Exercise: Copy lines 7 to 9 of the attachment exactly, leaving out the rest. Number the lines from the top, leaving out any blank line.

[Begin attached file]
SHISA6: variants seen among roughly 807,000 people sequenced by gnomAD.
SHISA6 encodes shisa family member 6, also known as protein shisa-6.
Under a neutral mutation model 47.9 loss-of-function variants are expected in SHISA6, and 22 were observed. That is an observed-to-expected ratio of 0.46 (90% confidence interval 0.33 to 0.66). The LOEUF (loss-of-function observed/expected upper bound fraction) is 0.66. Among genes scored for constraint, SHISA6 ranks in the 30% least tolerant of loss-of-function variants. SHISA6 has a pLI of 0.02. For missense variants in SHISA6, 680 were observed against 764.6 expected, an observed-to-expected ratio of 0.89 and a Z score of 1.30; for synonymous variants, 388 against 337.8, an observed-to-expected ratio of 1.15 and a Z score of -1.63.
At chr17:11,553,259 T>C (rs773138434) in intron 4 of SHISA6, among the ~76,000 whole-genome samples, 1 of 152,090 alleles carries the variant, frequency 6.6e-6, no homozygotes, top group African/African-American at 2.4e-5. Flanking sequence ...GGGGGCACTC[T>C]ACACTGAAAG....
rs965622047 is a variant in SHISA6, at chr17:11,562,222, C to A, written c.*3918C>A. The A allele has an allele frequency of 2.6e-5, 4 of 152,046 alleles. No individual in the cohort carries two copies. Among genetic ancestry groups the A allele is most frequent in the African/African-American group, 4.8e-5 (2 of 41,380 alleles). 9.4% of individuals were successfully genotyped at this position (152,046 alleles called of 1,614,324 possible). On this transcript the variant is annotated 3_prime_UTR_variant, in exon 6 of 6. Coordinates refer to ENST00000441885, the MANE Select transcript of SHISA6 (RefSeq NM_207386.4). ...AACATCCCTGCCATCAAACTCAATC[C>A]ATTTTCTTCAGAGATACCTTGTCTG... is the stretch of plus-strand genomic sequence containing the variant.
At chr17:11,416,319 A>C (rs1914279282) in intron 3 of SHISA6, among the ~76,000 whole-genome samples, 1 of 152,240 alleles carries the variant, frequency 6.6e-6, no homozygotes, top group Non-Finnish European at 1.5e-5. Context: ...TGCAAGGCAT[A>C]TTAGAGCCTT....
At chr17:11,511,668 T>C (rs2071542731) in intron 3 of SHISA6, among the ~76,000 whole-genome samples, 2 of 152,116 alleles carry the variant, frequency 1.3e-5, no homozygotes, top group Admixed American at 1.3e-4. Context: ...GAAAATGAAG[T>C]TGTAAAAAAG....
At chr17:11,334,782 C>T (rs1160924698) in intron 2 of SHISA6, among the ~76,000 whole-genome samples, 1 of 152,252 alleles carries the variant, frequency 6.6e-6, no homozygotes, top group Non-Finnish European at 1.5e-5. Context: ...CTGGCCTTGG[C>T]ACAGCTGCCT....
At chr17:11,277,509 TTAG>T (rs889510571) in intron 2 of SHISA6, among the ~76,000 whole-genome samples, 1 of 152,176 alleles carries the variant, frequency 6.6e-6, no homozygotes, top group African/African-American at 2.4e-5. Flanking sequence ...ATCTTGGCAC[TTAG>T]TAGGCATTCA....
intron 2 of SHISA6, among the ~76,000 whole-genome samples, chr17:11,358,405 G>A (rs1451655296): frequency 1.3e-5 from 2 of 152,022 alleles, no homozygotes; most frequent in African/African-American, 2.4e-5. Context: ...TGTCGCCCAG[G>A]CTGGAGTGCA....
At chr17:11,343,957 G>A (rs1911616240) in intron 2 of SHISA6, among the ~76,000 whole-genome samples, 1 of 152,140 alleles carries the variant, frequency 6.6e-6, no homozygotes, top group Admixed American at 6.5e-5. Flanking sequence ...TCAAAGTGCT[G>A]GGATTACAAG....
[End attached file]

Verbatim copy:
At chr17:11,511,668 T>C (rs2071542731) in intron 3 of SHISA6, among the ~76,000 whole-genome samples, 2 of 152,116 alleles carry the variant, frequency 1.3e-5, no homozygotes, top group Admixed American at 1.3e-4. Context: ...GAAAATGAAG[T>C]TGTAAAAAAG....
At chr17:11,334,782 C>T (rs1160924698) in intron 2 of SHISA6, among the ~76,000 whole-genome samples, 1 of 152,252 alleles carries the variant, frequency 6.6e-6, no homozygotes, top group Non-Finnish European at 1.5e-5. Context: ...CTGGCCTTGG[C>T]ACAGCTGCCT....
At chr17:11,277,509 TTAG>T (rs889510571) in intron 2 of SHISA6, among the ~76,000 whole-genome samples, 1 of 152,176 alleles carries the variant, frequency 6.6e-6, no homozygotes, top group African/African-American at 2.4e-5. Flanking sequence ...ATCTTGGCAC[TTAG>T]TAGGCATTCA....